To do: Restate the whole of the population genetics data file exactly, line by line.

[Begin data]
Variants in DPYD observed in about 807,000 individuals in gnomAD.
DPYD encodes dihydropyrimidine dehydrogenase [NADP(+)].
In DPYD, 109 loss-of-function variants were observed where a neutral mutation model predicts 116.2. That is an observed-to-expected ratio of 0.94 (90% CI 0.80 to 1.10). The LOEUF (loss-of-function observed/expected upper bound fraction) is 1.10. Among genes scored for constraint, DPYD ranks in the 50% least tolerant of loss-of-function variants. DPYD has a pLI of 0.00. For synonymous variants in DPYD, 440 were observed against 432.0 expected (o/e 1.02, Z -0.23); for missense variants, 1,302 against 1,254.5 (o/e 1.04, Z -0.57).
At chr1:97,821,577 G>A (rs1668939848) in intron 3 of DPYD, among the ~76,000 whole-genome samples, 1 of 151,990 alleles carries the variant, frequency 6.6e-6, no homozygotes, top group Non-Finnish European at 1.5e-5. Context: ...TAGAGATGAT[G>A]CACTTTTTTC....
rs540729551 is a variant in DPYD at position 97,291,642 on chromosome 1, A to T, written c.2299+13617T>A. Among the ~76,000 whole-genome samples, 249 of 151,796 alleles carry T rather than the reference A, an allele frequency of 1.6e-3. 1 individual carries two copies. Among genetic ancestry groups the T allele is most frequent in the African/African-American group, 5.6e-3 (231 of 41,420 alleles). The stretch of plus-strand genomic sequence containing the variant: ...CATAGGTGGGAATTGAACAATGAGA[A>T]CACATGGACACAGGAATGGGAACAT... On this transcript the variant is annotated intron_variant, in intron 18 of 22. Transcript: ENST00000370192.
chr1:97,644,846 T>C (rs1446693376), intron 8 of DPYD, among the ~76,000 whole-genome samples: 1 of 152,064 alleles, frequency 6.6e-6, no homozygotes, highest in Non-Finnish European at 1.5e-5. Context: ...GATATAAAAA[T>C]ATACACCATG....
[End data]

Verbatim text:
Variants in DPYD observed in about 807,000 individuals in gnomAD.
DPYD encodes dihydropyrimidine dehydrogenase [NADP(+)].
In DPYD, 109 loss-of-function variants were observed where a neutral mutation model predicts 116.2. That is an observed-to-expected ratio of 0.94 (90% CI 0.80 to 1.10). The LOEUF (loss-of-function observed/expected upper bound fraction) is 1.10. Among genes scored for constraint, DPYD ranks in the 50% least tolerant of loss-of-function variants. DPYD has a pLI of 0.00. For synonymous variants in DPYD, 440 were observed against 432.0 expected (o/e 1.02, Z -0.23); for missense variants, 1,302 against 1,254.5 (o/e 1.04, Z -0.57).
At chr1:97,821,577 G>A (rs1668939848) in intron 3 of DPYD, among the ~76,000 whole-genome samples, 1 of 151,990 alleles carries the variant, frequency 6.6e-6, no homozygotes, top group Non-Finnish European at 1.5e-5. Context: ...TAGAGATGAT[G>A]CACTTTTTTC....
rs540729551 is a variant in DPYD at position 97,291,642 on chromosome 1, A to T, written c.2299+13617T>A. Among the ~76,000 whole-genome samples, 249 of 151,796 alleles carry T rather than the reference A, an allele frequency of 1.6e-3. 1 individual carries two copies. Among genetic ancestry groups the T allele is most frequent in the African/African-American group, 5.6e-3 (231 of 41,420 alleles). The stretch of plus-strand genomic sequence containing the variant: ...CATAGGTGGGAATTGAACAATGAGA[A>T]CACATGGACACAGGAATGGGAACAT... On this transcript the variant is annotated intron_variant, in intron 18 of 22. Transcript: ENST00000370192.
chr1:97,644,846 T>C (rs1446693376), intron 8 of DPYD, among the ~76,000 whole-genome samples: 1 of 152,064 alleles, frequency 6.6e-6, no homozygotes, highest in Non-Finnish European at 1.5e-5. Context: ...GATATAAAAA[T>C]ATACACCATG....